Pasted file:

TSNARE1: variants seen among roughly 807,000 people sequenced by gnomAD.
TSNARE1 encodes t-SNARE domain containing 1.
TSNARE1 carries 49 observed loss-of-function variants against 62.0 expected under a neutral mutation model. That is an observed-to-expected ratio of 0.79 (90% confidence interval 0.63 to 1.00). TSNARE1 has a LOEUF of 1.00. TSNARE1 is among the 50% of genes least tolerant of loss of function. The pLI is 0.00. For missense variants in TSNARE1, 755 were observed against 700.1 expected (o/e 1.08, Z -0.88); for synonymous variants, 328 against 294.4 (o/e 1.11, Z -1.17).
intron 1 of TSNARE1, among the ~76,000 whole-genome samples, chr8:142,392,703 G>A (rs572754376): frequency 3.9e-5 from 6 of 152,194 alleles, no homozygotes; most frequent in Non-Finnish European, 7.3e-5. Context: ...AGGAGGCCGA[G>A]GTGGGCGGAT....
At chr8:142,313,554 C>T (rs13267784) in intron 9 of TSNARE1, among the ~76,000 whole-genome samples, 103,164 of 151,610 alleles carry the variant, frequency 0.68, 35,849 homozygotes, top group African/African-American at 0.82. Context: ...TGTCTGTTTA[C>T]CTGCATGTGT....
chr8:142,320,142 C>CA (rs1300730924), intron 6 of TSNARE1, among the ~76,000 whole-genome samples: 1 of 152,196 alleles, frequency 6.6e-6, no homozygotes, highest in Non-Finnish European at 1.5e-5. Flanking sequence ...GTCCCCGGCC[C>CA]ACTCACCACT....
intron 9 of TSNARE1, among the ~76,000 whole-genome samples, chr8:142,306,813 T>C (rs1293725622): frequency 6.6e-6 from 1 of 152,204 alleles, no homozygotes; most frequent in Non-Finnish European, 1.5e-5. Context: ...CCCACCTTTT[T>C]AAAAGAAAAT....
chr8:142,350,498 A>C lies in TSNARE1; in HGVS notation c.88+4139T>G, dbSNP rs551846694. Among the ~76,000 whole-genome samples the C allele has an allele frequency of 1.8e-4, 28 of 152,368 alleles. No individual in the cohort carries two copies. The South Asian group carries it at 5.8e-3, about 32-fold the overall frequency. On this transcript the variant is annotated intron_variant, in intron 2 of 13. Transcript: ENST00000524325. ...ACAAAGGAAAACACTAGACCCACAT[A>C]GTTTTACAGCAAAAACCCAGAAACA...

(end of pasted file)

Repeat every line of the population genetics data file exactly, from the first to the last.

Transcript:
TSNARE1: variants seen among roughly 807,000 people sequenced by gnomAD.
TSNARE1 encodes t-SNARE domain containing 1.
TSNARE1 carries 49 observed loss-of-function variants against 62.0 expected under a neutral mutation model. That is an observed-to-expected ratio of 0.79 (90% confidence interval 0.63 to 1.00). TSNARE1 has a LOEUF of 1.00. TSNARE1 is among the 50% of genes least tolerant of loss of function. The pLI is 0.00. For missense variants in TSNARE1, 755 were observed against 700.1 expected (o/e 1.08, Z -0.88); for synonymous variants, 328 against 294.4 (o/e 1.11, Z -1.17).
intron 1 of TSNARE1, among the ~76,000 whole-genome samples, chr8:142,392,703 G>A (rs572754376): frequency 3.9e-5 from 6 of 152,194 alleles, no homozygotes; most frequent in Non-Finnish European, 7.3e-5. Context: ...AGGAGGCCGA[G>A]GTGGGCGGAT....
At chr8:142,313,554 C>T (rs13267784) in intron 9 of TSNARE1, among the ~76,000 whole-genome samples, 103,164 of 151,610 alleles carry the variant, frequency 0.68, 35,849 homozygotes, top group African/African-American at 0.82. Context: ...TGTCTGTTTA[C>T]CTGCATGTGT....
chr8:142,320,142 C>CA (rs1300730924), intron 6 of TSNARE1, among the ~76,000 whole-genome samples: 1 of 152,196 alleles, frequency 6.6e-6, no homozygotes, highest in Non-Finnish European at 1.5e-5. Flanking sequence ...GTCCCCGGCC[C>CA]ACTCACCACT....
intron 9 of TSNARE1, among the ~76,000 whole-genome samples, chr8:142,306,813 T>C (rs1293725622): frequency 6.6e-6 from 1 of 152,204 alleles, no homozygotes; most frequent in Non-Finnish European, 1.5e-5. Context: ...CCCACCTTTT[T>C]AAAAGAAAAT....
chr8:142,350,498 A>C lies in TSNARE1; in HGVS notation c.88+4139T>G, dbSNP rs551846694. Among the ~76,000 whole-genome samples the C allele has an allele frequency of 1.8e-4, 28 of 152,368 alleles. No individual in the cohort carries two copies. The South Asian group carries it at 5.8e-3, about 32-fold the overall frequency. On this transcript the variant is annotated intron_variant, in intron 2 of 13. Transcript: ENST00000524325. ...ACAAAGGAAAACACTAGACCCACAT[A>C]GTTTTACAGCAAAAACCCAGAAACA...